Twomey's motion contains FBI interviews of McGee, former state GOP chairman John Dowd, former party finance director Kristy Stuart and Concord GOP chairman Jeffrey Newman.
McGee, who last year served seven months in prison after pleading guilty to federal charges, told the FBI that he came up with the idea of blocking the phone lines a few weeks before the 2002 election. He said he contacted veteran strategist Brian McCabe, who told McGee he had "never heard of an idea such as this," according to the FBI report.
McGee told investigators that former Republican National Committee regional political director James Tobin, who is appealing a December 2005 conviction on telephone harassment conspiracy charges, "did not say 'no' when he brought up the idea of phone blocking on election day." Tobin gave McGee the telephone number of former GOP consultant Allen Raymond, who McGee later hired to set up the phone jam and who subcontracted with an Idaho telemarketer to make the calls.
The FBI file says McGee "believes he told (GOP activists) Chris Wood, Kevin Blier, (former party vice chair) Marc Pappas and (former state party public relations specialist) Jeff Fontaine about the idea. McGee told the FBI Pappas gave McGee the telephone number of the Manchester Professional Fire Fighters Association, whose telephones were jammed along with those in five Democratic Party offices.
McGee said he told Dowd about his idea a day or two before the election. McGee said Dowd told him he would check with former party legal council David Vicinanzo.
But McGee said Dowd did not initially veto the idea, which McGee viewed as an "OK."
Dowd told the FBI that McGee informed him of the operation the evening before Election Day. Dowd said he told McGee he would think about it and did not give him an answer.
Dowd, after speaking with Vicinanzo early on Election Day morning, called off the phone-jam, but only after it had begun and had been underway for more than an hour.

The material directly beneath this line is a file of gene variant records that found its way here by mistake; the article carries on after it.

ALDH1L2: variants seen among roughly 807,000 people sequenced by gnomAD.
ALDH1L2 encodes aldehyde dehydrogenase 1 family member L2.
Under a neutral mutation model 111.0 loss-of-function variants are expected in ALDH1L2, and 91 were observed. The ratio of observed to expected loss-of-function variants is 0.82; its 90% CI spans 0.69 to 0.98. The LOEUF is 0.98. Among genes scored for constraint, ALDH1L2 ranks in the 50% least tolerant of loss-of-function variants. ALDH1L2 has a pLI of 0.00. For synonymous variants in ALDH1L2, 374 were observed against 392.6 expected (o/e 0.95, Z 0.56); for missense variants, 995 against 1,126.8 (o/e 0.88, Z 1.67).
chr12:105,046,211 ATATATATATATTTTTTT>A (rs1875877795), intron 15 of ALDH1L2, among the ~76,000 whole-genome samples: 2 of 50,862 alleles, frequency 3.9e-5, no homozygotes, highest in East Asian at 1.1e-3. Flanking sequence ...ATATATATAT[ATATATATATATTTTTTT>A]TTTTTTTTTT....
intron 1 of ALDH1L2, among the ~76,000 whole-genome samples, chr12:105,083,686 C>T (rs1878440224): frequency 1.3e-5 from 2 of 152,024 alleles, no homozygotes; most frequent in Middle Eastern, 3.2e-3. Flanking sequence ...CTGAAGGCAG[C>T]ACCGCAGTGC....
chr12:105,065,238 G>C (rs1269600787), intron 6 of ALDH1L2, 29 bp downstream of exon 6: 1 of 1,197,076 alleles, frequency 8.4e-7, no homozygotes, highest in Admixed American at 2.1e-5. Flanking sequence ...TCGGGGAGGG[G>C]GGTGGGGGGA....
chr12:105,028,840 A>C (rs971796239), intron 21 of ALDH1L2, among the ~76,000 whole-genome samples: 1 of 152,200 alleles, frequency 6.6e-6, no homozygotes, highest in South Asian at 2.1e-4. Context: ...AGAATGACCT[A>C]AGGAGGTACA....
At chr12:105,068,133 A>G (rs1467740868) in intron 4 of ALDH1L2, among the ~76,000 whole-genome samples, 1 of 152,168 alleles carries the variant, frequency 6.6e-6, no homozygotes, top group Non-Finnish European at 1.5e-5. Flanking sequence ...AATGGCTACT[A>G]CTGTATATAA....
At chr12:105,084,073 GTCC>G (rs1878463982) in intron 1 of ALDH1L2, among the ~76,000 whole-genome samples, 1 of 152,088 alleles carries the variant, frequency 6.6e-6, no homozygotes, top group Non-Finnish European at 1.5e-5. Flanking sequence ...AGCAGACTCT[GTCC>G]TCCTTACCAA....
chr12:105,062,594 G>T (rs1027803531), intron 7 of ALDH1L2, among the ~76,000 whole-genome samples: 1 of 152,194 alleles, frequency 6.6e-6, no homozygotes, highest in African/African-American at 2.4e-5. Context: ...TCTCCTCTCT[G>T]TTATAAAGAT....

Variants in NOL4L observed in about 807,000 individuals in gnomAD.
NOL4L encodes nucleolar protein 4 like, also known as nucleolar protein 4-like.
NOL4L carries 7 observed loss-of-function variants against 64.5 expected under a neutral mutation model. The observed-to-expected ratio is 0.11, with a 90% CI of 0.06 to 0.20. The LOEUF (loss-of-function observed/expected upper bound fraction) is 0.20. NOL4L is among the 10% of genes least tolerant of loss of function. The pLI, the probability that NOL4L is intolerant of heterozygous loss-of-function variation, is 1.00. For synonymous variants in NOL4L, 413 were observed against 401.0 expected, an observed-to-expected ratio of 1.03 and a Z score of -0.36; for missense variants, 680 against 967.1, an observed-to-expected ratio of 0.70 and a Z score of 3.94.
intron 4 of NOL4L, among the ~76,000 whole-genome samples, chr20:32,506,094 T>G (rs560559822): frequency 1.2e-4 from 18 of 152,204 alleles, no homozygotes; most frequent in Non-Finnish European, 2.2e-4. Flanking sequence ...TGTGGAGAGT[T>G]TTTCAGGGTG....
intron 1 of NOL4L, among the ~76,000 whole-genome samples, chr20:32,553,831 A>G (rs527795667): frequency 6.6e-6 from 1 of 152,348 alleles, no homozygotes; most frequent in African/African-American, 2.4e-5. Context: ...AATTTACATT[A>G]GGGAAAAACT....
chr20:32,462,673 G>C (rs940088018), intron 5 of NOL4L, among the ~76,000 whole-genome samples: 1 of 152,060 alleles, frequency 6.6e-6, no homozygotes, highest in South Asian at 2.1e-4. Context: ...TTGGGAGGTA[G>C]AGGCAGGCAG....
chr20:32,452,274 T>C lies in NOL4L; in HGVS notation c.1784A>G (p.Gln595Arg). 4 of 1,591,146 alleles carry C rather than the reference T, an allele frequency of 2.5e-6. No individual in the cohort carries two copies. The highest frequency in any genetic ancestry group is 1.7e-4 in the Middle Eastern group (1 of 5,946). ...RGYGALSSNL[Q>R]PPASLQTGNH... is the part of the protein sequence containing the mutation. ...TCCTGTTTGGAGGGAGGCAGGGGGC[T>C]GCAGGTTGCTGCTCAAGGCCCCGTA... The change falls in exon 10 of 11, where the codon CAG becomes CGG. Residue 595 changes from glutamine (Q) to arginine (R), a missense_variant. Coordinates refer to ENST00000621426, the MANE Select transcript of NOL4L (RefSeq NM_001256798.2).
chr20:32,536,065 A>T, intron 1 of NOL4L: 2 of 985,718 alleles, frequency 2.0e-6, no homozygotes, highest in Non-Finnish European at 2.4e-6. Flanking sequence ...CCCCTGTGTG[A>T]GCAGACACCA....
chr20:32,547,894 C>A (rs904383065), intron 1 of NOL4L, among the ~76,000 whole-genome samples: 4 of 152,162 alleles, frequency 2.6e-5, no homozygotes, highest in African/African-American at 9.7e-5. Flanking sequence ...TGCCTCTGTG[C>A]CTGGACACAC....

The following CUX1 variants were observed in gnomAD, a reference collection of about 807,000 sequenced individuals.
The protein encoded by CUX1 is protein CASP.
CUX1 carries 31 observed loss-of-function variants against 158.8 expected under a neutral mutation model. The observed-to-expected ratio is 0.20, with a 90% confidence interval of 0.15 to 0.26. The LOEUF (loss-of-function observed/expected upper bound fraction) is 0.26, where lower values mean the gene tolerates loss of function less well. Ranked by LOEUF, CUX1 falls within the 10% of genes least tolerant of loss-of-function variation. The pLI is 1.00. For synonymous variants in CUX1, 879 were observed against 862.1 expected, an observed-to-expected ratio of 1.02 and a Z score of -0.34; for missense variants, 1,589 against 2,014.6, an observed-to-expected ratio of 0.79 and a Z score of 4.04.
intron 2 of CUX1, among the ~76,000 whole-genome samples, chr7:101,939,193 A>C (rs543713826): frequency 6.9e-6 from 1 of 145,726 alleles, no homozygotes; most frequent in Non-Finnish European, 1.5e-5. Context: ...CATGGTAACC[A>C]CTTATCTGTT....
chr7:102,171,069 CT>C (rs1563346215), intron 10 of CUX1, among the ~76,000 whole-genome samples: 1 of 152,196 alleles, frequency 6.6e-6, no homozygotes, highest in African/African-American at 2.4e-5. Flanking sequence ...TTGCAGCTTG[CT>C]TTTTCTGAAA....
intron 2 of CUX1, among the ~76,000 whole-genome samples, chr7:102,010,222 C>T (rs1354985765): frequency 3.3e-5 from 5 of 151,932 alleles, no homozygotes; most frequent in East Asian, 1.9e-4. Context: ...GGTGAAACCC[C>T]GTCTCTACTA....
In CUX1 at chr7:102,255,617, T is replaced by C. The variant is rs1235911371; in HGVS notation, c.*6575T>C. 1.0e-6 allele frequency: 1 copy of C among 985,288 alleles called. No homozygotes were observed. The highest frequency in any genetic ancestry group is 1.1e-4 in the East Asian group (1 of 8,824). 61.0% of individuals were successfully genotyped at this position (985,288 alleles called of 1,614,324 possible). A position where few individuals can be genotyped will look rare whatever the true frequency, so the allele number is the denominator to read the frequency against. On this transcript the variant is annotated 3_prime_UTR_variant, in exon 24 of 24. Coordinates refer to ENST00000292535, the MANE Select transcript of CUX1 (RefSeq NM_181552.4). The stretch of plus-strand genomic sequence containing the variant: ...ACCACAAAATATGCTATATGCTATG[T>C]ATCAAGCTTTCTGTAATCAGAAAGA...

The Democratic motion alleges, "By Election Day, 2002, the Chair, the Vice Chair, the Executive Director, the Finance Director, the Concord GOP Chair and three other staffers at the (GOP state committee) were all likely to have been aware of the impending felony. Not a single one of them sought to dissuade McGee; no one warned the intended victims; no one called the police."
Stuart told the FBI she drafted and signed Dowd's name to a state GOP's check to Raymond's GOP Marketplace firm after McGee told her it would pay a firm to "make repeated hang-up calls to the Democratic offices in New Hampshire on election day."
She said that under instructions by McGee, she reported purpose of the disbursement to the Federal Election Commission as "get out the vote." The Democratic motion charges the "false" purpose was entered "to cover up the crimes" of the state committee.
Regardless of whatever the truth may be about when he learned of the criminal plan, the question still remains, why didn't Kevin Blier come forward to report what he knew about the crime? What does this say about him as a would-be public policy advocate and executive director for a holier-than-thou group like Vermont Renewal?
What do fellow GOP conservatives say about The Center for American Cultural Renewal? "...(A)n organization with no Washington presence and little clout with social conservatives outside Vermont where it is based."